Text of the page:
Mike Zimmer on Chicago Bears’ Trubisky: ‘there’s times he looks like Fran Tarkenton scrambling’
Count one of the game’s most universally respected defensive minds among those impressed by the Chicago Bears’ upstart offense.
Vikings head coach Mike Zimmer, in his meeting Wednesday with reporters, praised reigning NFC Offensive Player of the Week Mitch Trubisky and emerging Coach of the Year candidate Matt Nagy. The Bears play the Vikings on Sunday night at Soldier Field.
In Trubisky, Zimmer said there are times when the Bears’ second-year signal caller’s mobility is reminiscent of Fran Tarkenton, a former MVP, three-time Super Bowl champion and Pro Football Hall of Famer, who ranks No. 4 on the NFL’s all-time rushing list among quarterbacks.
“I think he’s done pretty much everything,” Zimmer said of Trubisky. “There’s been times he’s had some free runners and it looks like they’re telling him, “Hey, you have to get the ball out.” He gets the ball out with accuracy. There’s other times he looks like Fran Tarkenton scrambling. Some of the runs he’s made are unbelievable.”
Trubisky scored his third touchdown of the season with his legs Sunday and trails only Cam Newton (352 yards) among quarterbacks in rushing yards (320 for Trubisky). Minnesota has only allowed 108 rushing yards to enemy quarterbacks, tied for ninth fewest in the league, but has permitted three rushing touchdowns — more than every club except the Saints and Colts. Minnesota’s run ‘D’ could get a boost, too, with the return from injury of highly athletic LB Anthony Barr (hamstring) and thumping box safety Andrew Sendejo.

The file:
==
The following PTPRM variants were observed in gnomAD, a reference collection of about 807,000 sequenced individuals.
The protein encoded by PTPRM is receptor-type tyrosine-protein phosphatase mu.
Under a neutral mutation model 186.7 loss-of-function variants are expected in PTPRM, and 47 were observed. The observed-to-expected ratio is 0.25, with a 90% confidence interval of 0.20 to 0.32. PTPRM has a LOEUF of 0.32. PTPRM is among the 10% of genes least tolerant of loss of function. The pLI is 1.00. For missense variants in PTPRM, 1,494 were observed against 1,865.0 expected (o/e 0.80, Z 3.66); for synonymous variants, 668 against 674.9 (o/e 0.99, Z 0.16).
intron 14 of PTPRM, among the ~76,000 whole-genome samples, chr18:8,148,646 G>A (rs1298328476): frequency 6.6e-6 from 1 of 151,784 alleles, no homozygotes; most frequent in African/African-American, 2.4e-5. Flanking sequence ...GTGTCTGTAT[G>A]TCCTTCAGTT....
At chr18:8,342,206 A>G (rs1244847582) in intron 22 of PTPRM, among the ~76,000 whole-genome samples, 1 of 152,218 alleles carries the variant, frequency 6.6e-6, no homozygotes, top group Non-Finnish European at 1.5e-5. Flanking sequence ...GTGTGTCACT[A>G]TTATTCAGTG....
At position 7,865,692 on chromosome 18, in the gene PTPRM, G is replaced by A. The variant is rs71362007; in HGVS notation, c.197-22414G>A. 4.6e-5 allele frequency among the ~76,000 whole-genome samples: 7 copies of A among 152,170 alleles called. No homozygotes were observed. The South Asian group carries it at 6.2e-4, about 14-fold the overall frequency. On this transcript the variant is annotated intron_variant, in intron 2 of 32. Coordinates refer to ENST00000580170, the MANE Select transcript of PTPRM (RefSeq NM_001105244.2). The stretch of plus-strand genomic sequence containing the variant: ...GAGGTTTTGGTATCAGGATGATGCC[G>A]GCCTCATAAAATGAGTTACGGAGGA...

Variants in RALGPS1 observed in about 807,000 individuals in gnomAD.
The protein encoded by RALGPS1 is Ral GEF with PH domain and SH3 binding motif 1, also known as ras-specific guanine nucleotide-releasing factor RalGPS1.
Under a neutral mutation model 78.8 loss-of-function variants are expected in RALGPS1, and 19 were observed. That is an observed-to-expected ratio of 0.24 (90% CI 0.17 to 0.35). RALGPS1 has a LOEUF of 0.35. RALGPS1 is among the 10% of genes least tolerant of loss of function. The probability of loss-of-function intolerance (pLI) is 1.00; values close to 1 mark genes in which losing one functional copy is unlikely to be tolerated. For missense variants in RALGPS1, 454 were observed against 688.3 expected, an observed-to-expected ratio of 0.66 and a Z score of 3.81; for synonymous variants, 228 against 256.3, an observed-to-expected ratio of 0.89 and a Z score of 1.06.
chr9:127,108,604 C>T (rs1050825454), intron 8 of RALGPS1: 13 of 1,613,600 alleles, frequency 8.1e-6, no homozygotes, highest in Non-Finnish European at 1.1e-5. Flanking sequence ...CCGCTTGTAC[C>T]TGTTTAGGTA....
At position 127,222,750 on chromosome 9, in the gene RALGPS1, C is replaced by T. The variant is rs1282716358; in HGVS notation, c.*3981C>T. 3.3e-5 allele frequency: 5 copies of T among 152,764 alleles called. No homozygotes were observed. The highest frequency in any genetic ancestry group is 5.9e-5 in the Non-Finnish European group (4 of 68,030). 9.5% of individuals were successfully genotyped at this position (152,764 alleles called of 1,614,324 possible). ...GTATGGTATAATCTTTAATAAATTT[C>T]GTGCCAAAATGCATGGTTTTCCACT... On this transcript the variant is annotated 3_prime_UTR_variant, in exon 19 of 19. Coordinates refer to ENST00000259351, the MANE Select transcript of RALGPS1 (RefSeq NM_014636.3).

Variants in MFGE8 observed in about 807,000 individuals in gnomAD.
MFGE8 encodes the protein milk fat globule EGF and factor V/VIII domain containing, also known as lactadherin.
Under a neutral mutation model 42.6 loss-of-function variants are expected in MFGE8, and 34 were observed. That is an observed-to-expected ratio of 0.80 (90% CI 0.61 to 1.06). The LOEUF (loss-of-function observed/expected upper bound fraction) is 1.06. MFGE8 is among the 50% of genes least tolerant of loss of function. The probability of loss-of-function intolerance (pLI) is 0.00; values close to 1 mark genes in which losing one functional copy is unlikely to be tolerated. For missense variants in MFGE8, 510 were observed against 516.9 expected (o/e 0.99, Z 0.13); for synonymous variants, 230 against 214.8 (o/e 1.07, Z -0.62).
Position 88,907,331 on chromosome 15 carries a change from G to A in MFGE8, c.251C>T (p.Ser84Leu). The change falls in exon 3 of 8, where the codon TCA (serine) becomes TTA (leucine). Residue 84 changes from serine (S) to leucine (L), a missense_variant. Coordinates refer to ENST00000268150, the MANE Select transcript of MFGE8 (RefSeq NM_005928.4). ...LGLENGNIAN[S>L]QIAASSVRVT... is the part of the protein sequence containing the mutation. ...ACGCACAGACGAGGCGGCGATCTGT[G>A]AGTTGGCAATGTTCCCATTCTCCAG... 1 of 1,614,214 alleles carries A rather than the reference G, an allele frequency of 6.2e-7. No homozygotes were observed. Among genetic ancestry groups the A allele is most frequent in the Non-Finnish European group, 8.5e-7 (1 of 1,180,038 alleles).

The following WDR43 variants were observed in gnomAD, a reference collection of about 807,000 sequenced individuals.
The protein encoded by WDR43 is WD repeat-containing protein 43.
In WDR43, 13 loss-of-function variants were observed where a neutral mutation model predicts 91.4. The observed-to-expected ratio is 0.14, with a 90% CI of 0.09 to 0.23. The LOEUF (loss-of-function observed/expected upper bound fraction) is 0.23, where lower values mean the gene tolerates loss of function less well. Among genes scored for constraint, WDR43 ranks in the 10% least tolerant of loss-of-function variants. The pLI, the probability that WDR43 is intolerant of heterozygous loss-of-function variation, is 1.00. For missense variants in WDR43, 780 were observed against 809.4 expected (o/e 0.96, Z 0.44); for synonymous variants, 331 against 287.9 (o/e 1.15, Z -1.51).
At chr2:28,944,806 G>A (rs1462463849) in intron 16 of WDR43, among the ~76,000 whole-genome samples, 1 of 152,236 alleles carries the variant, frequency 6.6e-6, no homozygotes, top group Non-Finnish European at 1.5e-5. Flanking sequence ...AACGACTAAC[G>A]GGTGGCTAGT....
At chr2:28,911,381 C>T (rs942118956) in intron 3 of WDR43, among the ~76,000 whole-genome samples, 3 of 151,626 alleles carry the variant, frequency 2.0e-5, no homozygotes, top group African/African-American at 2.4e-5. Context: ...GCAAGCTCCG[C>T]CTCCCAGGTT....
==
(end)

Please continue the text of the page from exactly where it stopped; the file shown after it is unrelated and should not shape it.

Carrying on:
Zimmer, albeit tongue in cheek, we assume, also sounds impressed by the sheer volume of plays available on rookie head coach Matt Nagy’s call sheet.
“800 plays,” Zimmer quipped of the options at Nagy’s disposal, adding that “there’s no doubt in my mind, we’ll get some new plays.”
When Nagy was told Wednesday of Zimmer’s remark, he fired back, lightheartedly: “Nah, [it’s] more like 750.”
Of course, former Bears coordinator Dowell Loggains, who oversaw the NFL’s 29th-ranked scoring unit (30th in total offense), dusted off a fancy trick play in the Bears’ 20-17 Week 5 primetime defeat vs. Minnesota in Trubisky’s starting debut a year ago. Consider it our reminder that the success of Nagy’s fifth-ranked scoring offense is predicated every bit as much on substance as style, even as the Bears roll out a weekly dizzying array of formations and weapons with which defenses must contend.
Zimmer, whose 5-3-1 Vikings have won four of their past five games and pose the stiffest test yet for Trubisky’s Bears, also has taken notice of the Khalil Mack effect in Chicago.
″ I think he’s added a lot of swagger to the Bears,” Zimmer said, pointing specifically to Mack’s first sack Sunday, when he first manhandled TE Michael Roberts, then former first-round LT Taylor Decker, en route to Matthew Stafford.
“The physicality of defeating a tight end, defeating an offensive tackle, the aggressive nature he plays with. That probably adds to all the other guys,” Zimmer said.
Zimmer’s quarterback, Kirk Cousins, is on pace to absorb a career-high 42 sacks in his first season with the Vikings, who could get former Bear and starting LG Tom Compton back from injury after he missed the previous two games.
Meantime, the Vikings’ surging defense has kept its past four opponents under 300 total yards and allowed only 4.1 yards per play since Week 4, when the Los Angeles Rams averaged 10.1 in what Zimmer called perhaps the worst performance by a pass defense he’s overseen as an NFL coach or coordinator.
Two red-hot clubs. Two thriving quarterbacks in Year 1 of new systems. Two brilliant strategist head coaches doubling as play callers. But there can only be one club in first place in the NFC North come around 10:30 p.m. Sunday night.